London Bridge attack: victim named as Jack Merritt – as it happened

Last modified: 07: 05 PM GMT+0

What we know so far

Here’s a recap of what we know so far.

  • The attack started just before 2pm on Friday at Fishmongers’ Hall, at the north end of London Bridge, where a prisoner rehabilitation conference was underway.
  • 28-year-old Usman Khan, who was attending the conference, stabbed five people, before moving onto the bridge where he was restrained by members of the public and shot by police.
  • Two people were killed, a man and a woman. The man has been named as 25-year-old Jack Merritt, the course coordinator for Learning Together, a programme run by the University of Cambridge’s institute of criminology, which was running the event. Three people, a man and two women, are injured and remain in hospital.
  • A convicted murderer was among ex-prisoners and members of the public who grappled with the attacker. One man was armed with a fire extinguisher and another – identified in reports as Polish chef Łukasz – wielded a 5ft narwhal tusk taken from Fishmongers’ Hall.
  • Among those who pinned down the attacker was James Ford, 42, who is also thought to have tried to save the life of a woman who had been stabbed. He was jailed for life in 2004 for the murder of 21-year-old Amanda Champion.
  • British Transport police have confirmed that a man in a suit filmed running away from the scene with a knife taken from the attacker was one of their officers in plain clothes.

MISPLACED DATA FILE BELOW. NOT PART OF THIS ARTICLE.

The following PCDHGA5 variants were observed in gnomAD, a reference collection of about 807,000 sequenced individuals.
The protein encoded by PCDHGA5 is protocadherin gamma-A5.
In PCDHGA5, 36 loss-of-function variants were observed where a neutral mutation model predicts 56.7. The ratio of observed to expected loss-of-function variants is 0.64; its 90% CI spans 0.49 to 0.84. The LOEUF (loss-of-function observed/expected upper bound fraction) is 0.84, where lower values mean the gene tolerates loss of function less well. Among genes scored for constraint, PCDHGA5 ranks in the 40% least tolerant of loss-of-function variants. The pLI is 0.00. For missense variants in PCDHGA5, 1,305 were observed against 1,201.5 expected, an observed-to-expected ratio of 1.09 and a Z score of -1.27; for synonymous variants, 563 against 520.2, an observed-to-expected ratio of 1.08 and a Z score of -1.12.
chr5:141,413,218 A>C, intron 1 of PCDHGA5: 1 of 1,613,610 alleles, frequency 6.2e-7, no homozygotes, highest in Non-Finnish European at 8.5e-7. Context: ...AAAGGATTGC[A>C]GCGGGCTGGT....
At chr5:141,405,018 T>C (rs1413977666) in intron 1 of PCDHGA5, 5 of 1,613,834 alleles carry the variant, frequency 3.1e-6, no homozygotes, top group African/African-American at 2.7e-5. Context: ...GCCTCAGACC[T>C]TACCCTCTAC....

• Usman Khan was previously jailed for an al-Qaida inspired plot to blow up the London Stock Exchange and was wearing an electronic tag at the time of the attack. He released from jail on licence in 2018, half way through a 16-year sentence.
  • Khan’s lawyer told the Guardian that his client had asked for help to be deradicalised while he was in prison.
  • Police have searched properties in Stoke, where Khan was from, and Stafford. They have said that there is no evidence anybody else was involved.
  • Isis claimed that the attack was carried out by one of its fighters, though it provided no evidence.
  • Politicians have sought to blame each other for the fact that Khan was able to stage the attack after being convicted on terrorism offences. Home secretary Priti Patel blamed it on legislation brought in by the previous Labour government, while shadow home secretary Diane Abbott pointed to a lack of resources.

More from Nosheen Iqbal in Stoke:

Outside Khan’s family home, where his parents lived, nobody was answering the door but half a dozen young Muslim men were gathered in the cold, rebuffing reporters from the BBC and Daily Mail.

“Why are they hanging here?” Mahmood, a taxi driver, was incensed by the group. “They’re just hanging about in the streets and when they’re hanging about like that people think they’re gangs. Then they act like gangs and get into drugs and extremism,” he speculated.

“These are awara boys, awara means loafer, layabout, good for nothing. That’s one problem with young boys when they leave school and have no hope in life. It makes some of them easy to brainwash into drugs and extremism – they are both the same thing to me. Dangerous. Bad. If you’re taking drugs or a criminal, it’s easier to become an extremist I think.”

Two streets down, Mr Rehman, who has children the same age as Khan, said locals were still processing what had happened. “Yesterday, this was something that happened in London. It wasn’t until 2am that people found out in the news that there were links to Staffordshire; when I woke up, [reports] said Khan had come from here? No he didn’t, he wasn’t living here.” The community wasn’t in denial, he said, but everyone was feeling “very sensitive”.